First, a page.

Duncan Mitchell’s research career, which has spanned more than forty years at Wits, also spanned several disciplines. He was able to move with intellectual ease from physics to physiology to medicine to zoology and to eco-physiology, largely through doing what he did best - continually applying physical principles to biological systems. He received the British Association Medal of the South African Association for the Advancement of Science and was a winner of one of the “Four Outstanding Young South Africans” award – both in 1980, and represented South Africa at an international meeting of ‘Outstanding Young Person Award Winners’ in Taipei in 1981. He was the first South African to be elected a corresponding member of the American Physiological Society and one of the first South Africans to be elected to the membership of the Physiological Society of the United Kingdom. He represented South Africa at the General Assembly of the International Union of Physiological Sciences in Sydney, Australia in 1983, again in Vancouver, Canada in 1986, and in Helsinki, Finland in 1989. He was elected as Fellow of the Royal Society of South Africa in 1984 and an Honorary Fellow of the Physiological Society of Southern Africa in 2003.
From the discipline of zoology came his second gold medal - he was awarded the prestigious Gold Medal of the Zoological Society of South Africa, in recognition of his scientific contribution to zoological research in South Africa, in 2000.
In 1984, the first year of its introduction of a rating system for researchers, the Foundation for Research Development (now the National Research Foundation), awarded him an A rating, a rating he has held for 22 years, probably the longest of any A-rated researcher at Wits. He continues to be the only A-rated physiologist in South Africa. In 1997, during the Faculty of Health Sciences’ Jubilee year, he was awarded a Jubilee Medal. In 2011, Mitchell won the Harry Oppenheimer Fellowship Award, considered as one of the most prestigious research awards in South Africa.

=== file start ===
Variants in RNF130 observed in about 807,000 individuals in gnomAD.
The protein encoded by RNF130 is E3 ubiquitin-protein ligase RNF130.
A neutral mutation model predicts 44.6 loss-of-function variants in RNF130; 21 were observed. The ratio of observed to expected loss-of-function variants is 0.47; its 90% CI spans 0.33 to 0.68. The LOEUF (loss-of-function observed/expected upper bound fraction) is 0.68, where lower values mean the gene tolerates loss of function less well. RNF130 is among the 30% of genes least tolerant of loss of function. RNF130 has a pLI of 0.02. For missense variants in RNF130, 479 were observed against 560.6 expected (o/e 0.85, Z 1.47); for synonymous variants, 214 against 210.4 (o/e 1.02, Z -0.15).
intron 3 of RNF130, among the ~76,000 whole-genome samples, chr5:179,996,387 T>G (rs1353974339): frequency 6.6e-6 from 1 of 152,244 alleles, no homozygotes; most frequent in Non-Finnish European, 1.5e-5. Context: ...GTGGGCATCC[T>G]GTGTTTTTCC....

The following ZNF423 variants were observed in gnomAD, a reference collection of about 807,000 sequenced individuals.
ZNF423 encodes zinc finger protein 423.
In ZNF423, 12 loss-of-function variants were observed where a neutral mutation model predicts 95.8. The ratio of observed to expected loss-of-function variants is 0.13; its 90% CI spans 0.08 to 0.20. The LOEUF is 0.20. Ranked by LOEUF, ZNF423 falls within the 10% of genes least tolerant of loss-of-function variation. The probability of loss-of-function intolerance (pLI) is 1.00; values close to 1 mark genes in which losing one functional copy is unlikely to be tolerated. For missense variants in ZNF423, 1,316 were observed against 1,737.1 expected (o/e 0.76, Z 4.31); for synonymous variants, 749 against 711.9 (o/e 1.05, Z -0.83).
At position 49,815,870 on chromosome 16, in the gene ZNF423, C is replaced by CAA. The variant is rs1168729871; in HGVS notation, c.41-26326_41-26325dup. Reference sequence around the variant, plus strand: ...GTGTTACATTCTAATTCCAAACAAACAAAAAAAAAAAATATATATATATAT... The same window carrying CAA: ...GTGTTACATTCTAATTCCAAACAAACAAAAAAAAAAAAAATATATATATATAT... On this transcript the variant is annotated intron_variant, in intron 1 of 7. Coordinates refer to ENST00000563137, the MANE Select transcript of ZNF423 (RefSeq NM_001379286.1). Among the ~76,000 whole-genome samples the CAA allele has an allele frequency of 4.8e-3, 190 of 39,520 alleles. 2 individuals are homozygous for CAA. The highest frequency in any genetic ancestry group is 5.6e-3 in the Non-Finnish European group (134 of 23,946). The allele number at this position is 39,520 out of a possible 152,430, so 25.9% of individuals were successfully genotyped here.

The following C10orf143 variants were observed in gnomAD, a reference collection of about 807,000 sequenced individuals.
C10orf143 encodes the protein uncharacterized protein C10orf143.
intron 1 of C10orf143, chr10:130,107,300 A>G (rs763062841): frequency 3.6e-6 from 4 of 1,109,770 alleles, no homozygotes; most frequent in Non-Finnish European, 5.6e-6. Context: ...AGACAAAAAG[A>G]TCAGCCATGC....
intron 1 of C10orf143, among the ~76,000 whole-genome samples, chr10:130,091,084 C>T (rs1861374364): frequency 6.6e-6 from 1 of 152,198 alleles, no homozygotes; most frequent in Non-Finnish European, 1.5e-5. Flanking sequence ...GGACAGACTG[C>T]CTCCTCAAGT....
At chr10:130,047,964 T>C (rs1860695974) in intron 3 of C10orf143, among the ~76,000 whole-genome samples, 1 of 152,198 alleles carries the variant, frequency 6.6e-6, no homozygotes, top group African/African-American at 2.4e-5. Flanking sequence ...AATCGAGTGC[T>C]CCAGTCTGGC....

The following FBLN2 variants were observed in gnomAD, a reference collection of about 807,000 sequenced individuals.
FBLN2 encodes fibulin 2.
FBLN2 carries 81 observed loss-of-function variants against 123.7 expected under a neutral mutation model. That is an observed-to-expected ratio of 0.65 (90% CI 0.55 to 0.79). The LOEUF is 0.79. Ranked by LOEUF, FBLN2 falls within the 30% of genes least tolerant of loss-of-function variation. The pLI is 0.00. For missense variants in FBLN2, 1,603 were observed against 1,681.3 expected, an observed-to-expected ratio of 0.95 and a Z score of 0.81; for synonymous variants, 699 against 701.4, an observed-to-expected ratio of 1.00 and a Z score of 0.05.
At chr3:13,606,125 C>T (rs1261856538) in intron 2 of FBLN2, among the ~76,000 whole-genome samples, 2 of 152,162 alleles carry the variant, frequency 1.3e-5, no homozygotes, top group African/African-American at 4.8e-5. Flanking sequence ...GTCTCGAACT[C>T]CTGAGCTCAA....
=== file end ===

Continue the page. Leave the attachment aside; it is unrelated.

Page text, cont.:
He has served the Medical Research Council by being a member of its Board and award committees over a period of 25 years. Concurrently, he served the National Research Foundation, before that the Foundation for Research Development, and before that the CSIR, on their evaluation panels, award committees and the Senate of the NRF. He still chairs the Appeals Committee for the NRF. In 2007 he was one of the NRF President’s Awardees. He has been on the Council of the Royal Society of South Africa, and was a founder member of the Academy of Sciences of South Africa.
Duncan Mitchell is South Africa’s most cited and distinguished physiologist. He is Wits University’s longest-standing A-rated researcher. He has held office in South Africa’s most prestigious scientific and research societies. He has represented South African scientists and physiologists at international assemblies. He held distinguished positions in the University, including serving as Head of Department, Assistant Dean for Research, a member of the Boards of both the Faculties of Science and Health Sciences and their Executive Committees, the Senate of the University and its Academic Board, many of the University’s and Faculty’s committees, and has served on the University’s Council. He has selflessly and enthusiastically sought to further the careers of young students, postgraduates and scientists so that they too can become distinguished. Duncan Mitchell’s career has been one of excellence in teaching and research, and in leadership and service to the scientific community of this country. His unfailing dedication to this University has brought great distinction to it. It is entirely fitting that the University recognises his contribution by conferring on him the degree of Doctor of Science honoris causa.